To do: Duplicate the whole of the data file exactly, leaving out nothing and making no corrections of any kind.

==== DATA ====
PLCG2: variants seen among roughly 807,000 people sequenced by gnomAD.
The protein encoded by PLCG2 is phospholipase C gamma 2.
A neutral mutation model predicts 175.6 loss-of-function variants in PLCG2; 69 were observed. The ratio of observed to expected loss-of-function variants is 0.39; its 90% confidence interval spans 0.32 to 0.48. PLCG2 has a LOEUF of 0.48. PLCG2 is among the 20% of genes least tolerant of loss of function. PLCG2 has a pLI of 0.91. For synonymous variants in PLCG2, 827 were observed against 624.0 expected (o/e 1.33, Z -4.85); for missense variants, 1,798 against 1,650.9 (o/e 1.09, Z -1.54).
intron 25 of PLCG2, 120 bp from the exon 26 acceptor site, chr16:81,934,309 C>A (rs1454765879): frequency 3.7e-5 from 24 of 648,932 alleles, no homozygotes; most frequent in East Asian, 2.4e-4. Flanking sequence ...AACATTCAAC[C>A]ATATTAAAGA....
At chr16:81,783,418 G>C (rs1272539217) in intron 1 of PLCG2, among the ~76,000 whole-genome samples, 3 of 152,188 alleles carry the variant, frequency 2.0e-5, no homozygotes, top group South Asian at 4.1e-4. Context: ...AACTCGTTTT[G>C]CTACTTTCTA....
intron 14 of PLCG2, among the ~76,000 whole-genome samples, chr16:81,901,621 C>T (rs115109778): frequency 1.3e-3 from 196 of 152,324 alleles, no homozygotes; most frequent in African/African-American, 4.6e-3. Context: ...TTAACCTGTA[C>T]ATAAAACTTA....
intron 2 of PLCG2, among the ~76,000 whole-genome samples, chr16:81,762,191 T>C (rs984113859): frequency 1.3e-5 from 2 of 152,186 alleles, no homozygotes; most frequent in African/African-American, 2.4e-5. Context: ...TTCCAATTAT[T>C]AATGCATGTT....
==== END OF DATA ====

PLCG2: variants seen among roughly 807,000 people sequenced by gnomAD.
The protein encoded by PLCG2 is phospholipase C gamma 2.
A neutral mutation model predicts 175.6 loss-of-function variants in PLCG2; 69 were observed. The ratio of observed to expected loss-of-function variants is 0.39; its 90% confidence interval spans 0.32 to 0.48. PLCG2 has a LOEUF of 0.48. PLCG2 is among the 20% of genes least tolerant of loss of function. PLCG2 has a pLI of 0.91. For synonymous variants in PLCG2, 827 were observed against 624.0 expected (o/e 1.33, Z -4.85); for missense variants, 1,798 against 1,650.9 (o/e 1.09, Z -1.54).
intron 25 of PLCG2, 120 bp from the exon 26 acceptor site, chr16:81,934,309 C>A (rs1454765879): frequency 3.7e-5 from 24 of 648,932 alleles, no homozygotes; most frequent in East Asian, 2.4e-4. Flanking sequence ...AACATTCAAC[C>A]ATATTAAAGA....
At chr16:81,783,418 G>C (rs1272539217) in intron 1 of PLCG2, among the ~76,000 whole-genome samples, 3 of 152,188 alleles carry the variant, frequency 2.0e-5, no homozygotes, top group South Asian at 4.1e-4. Context: ...AACTCGTTTT[G>C]CTACTTTCTA....
intron 14 of PLCG2, among the ~76,000 whole-genome samples, chr16:81,901,621 C>T (rs115109778): frequency 1.3e-3 from 196 of 152,324 alleles, no homozygotes; most frequent in African/African-American, 4.6e-3. Context: ...TTAACCTGTA[C>T]ATAAAACTTA....
intron 2 of PLCG2, among the ~76,000 whole-genome samples, chr16:81,762,191 T>C (rs984113859): frequency 1.3e-5 from 2 of 152,186 alleles, no homozygotes; most frequent in African/African-American, 2.4e-5. Context: ...TTCCAATTAT[T>C]AATGCATGTT....